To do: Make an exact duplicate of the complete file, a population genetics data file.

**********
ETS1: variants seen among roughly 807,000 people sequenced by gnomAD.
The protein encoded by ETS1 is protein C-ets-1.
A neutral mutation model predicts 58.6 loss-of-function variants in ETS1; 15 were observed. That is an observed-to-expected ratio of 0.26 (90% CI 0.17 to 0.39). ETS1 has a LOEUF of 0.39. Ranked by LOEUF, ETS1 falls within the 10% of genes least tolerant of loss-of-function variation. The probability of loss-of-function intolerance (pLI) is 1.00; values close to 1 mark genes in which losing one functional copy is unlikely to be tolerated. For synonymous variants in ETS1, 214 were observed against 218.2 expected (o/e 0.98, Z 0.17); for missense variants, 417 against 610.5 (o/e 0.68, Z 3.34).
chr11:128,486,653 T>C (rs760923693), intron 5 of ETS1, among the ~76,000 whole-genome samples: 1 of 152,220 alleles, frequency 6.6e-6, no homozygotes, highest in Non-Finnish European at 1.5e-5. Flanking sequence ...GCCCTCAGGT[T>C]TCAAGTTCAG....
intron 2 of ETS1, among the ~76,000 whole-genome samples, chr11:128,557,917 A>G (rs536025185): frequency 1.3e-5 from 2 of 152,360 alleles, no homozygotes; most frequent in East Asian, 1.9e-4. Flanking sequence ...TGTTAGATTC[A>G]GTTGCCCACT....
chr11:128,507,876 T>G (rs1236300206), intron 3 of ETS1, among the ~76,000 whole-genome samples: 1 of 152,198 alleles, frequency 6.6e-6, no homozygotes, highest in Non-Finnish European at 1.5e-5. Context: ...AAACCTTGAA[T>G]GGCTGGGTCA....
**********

ETS1: variants seen among roughly 807,000 people sequenced by gnomAD.
The protein encoded by ETS1 is protein C-ets-1.
A neutral mutation model predicts 58.6 loss-of-function variants in ETS1; 15 were observed. That is an observed-to-expected ratio of 0.26 (90% CI 0.17 to 0.39). ETS1 has a LOEUF of 0.39. Ranked by LOEUF, ETS1 falls within the 10% of genes least tolerant of loss-of-function variation. The probability of loss-of-function intolerance (pLI) is 1.00; values close to 1 mark genes in which losing one functional copy is unlikely to be tolerated. For synonymous variants in ETS1, 214 were observed against 218.2 expected (o/e 0.98, Z 0.17); for missense variants, 417 against 610.5 (o/e 0.68, Z 3.34).
chr11:128,486,653 T>C (rs760923693), intron 5 of ETS1, among the ~76,000 whole-genome samples: 1 of 152,220 alleles, frequency 6.6e-6, no homozygotes, highest in Non-Finnish European at 1.5e-5. Flanking sequence ...GCCCTCAGGT[T>C]TCAAGTTCAG....
intron 2 of ETS1, among the ~76,000 whole-genome samples, chr11:128,557,917 A>G (rs536025185): frequency 1.3e-5 from 2 of 152,360 alleles, no homozygotes; most frequent in East Asian, 1.9e-4. Flanking sequence ...TGTTAGATTC[A>G]GTTGCCCACT....
chr11:128,507,876 T>G (rs1236300206), intron 3 of ETS1, among the ~76,000 whole-genome samples: 1 of 152,198 alleles, frequency 6.6e-6, no homozygotes, highest in Non-Finnish European at 1.5e-5. Context: ...AAACCTTGAA[T>G]GGCTGGGTCA....